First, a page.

• How Scrum principles manifest in proposal management: Communicate daily about section and action item completion progress; If you haven’t seen a proposal section or graphic draft, it doesn’t exist.

Kanban Principles: Lean process with just-in-time training.

  • How Kanban principles manifest in proposal management: You must train your team to be competent in every step of the proposal process, just in time for a certain activity. Don’t be overly bureaucratic with proposal activities: for example, you don’t need to document and officially disposition every single reviewer comment to have a winning proposal.
Agile Proposal Management Examples include:
  • Conducting short targeted brainstorm meetings covering specific topics, with only the necessary people attending.
  • Making incremental progress every day, with the proposal manager making it a priority to move the proposal content forward consistently.
  • Holding daily in-process proposal reviews to always know exactly what is going on.
  • Reassigning resources and shifting assignments, if necessary.
  • Adjusting the goals or even dates of color reviews such as Pink Team and Red Team based on proposal readiness status; it may be that the goal of a color review is to complete the proposal and move it forward some more if it is still raw.

If these steps sound intensive, that is because they are. This ties back to having a winning mindset woven into your business development culture. Losing proposal momentum for any reason can take an opportunity for an outstanding proposal and turn it into a “submit-by-the-deadline” proposal.
Read about one of our actual experiences in which a client lost proposal momentum, and how to avoid it.

Applying Agile to Capture Management

Borrowing from Agile will help improve your capture process as well. Get away from linear capture steps that culminate in slide decks and plans that look good on paper but don’t move you closer to winning. You’ll enable your team to focus on what matters for raising your Pwin.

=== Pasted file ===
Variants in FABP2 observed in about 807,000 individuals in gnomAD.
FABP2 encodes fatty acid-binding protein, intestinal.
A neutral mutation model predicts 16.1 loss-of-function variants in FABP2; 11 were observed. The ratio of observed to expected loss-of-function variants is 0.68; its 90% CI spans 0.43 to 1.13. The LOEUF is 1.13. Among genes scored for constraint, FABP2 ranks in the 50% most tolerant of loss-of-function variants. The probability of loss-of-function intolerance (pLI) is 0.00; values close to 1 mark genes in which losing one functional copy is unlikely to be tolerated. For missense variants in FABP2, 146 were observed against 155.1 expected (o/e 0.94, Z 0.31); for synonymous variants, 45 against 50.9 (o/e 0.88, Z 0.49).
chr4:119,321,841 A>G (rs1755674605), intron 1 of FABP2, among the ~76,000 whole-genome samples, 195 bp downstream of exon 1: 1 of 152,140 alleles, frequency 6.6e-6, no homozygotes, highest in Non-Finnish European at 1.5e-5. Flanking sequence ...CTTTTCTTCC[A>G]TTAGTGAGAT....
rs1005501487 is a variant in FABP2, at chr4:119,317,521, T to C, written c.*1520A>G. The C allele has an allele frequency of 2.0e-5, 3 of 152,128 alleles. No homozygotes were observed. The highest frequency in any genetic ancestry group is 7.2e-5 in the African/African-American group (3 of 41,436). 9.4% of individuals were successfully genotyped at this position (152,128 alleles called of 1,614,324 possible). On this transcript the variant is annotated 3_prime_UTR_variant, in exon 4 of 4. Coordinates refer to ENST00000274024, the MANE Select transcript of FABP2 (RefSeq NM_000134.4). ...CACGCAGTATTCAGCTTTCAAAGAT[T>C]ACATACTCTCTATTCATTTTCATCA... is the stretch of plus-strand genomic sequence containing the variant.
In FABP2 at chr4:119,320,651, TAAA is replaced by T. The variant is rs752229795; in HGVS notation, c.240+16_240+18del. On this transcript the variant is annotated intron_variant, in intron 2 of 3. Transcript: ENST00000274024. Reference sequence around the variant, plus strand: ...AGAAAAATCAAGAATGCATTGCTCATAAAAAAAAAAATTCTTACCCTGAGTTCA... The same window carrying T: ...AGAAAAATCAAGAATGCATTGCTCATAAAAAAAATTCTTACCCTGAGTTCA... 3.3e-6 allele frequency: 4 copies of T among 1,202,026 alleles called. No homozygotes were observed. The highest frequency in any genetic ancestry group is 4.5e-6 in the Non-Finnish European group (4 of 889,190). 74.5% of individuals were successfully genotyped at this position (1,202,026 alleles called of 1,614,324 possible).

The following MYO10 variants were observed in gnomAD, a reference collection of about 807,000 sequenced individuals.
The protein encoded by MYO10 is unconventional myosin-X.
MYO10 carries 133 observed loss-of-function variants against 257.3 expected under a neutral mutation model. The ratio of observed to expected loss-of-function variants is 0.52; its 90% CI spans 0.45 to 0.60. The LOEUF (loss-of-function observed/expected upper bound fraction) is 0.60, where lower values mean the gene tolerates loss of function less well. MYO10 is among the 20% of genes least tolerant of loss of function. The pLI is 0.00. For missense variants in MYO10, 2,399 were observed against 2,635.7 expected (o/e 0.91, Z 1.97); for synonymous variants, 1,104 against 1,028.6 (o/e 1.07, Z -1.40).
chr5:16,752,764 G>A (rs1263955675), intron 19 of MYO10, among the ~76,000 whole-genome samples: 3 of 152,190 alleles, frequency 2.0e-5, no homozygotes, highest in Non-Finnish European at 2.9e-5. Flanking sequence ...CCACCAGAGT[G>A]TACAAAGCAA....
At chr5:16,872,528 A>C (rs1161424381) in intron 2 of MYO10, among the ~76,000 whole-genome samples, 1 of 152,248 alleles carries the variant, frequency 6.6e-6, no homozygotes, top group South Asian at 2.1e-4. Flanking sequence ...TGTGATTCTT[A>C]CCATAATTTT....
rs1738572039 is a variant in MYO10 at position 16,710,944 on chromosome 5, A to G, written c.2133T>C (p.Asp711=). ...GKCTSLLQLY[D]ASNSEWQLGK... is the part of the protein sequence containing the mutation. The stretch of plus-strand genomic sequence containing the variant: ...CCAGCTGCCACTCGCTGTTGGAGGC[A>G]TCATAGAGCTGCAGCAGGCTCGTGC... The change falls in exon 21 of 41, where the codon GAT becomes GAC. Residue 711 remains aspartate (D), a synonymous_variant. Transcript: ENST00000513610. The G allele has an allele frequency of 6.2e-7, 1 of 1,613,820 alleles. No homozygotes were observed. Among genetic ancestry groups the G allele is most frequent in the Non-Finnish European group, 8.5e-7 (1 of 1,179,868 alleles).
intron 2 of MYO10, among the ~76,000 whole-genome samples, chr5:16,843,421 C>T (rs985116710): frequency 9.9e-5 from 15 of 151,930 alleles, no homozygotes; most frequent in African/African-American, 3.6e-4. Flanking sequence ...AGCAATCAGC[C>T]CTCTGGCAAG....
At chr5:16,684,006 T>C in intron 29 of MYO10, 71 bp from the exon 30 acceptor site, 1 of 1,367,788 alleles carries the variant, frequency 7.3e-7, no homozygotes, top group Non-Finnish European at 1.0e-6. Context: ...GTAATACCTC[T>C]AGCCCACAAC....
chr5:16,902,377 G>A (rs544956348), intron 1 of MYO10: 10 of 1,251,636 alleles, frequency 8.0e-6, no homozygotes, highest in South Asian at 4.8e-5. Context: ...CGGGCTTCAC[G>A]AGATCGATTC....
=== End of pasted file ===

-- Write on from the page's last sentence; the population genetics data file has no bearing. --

Agile Actions to Take in Capture:

  • Conduct early win strategy sessions in short 2-3 hour meetings.
  • Iterate the win themes messaging and complete action items between meetings.
  • Assign strategic action plans for complex actions that focus on the outcome, not the specific steps; it’s up to the person who owns the action item to determine the best way to reach the desired outcome.
  • Supervise action item completion status and change direction where required.
  • Stop pursuing opportunities when the team fails to make progress in capture and complete the assigned action items.

ven diagram of how all six steps in OST’s capture methodology work together


We have developed a holistic capture management methodology that embraces agile business development processes. Learn more about our capture strategies here.

Optimize Your Business Development, Capture, and Proposal Processes

You should optimize your business development processes continuously. This way, you can rest assured knowing that your team uses the best approach time and time again. You’ll need to consistently evaluate what is important, and what needs to be let go.
It is the proposal content and price that help you win a federal contract. Is everything you do in capture and proposals directed towards improving content and price?
When do you see the best results? Is it through a clear solution, compelling evidence, engaging graphics, solution to price, etc.?
Don’t forget: content and price are kings, but your process is the enabler.
If your process isn’t helpful, rethink it. Don’t cut out steps for efficiency’s sake. For example, on a short turnaround proposal, you may not conduct a Pink Team review. Don’t do away with a review altogether. You could run a smaller review session with just the proposal leadership, or conduct a peer review.
Just ensure that someone checks your work and the overall proposal direction. A good review always improves your proposal by at least one grade.
Collect your lessons learned at the end of each proposal and after each proposal debriefs, and always strive for improvement. Don’t move on without reviewing your lessons learned prior to each proposal. Assessing your proposal quality (and how you achieved that quality) is another key method for improving your Pwin.

What If I Need Help With My Business Development Processes?

OST offers a series of services and training that focuses on what it takes to win federal contracts. You can schedule training from our Bid & Proposal Academy on Capture Management and Proposal Management. Our Writing Persuasive Federal Proposals course focuses on speed writing and engaging every member of your team, turning your workforce into your sales force.
If you found this article helpful, be sure to subscribe to OST’s Turbo Charging Growth Newsletter. We’re producing four more videos and articles on methods for improving your Pwin that you won’t want to miss.
After reading this article and watching the video, where do you think your business development, capture, and proposal processes could use improvement? Do you think we missed something? Let us know in the comments section, and we’ll get back to you.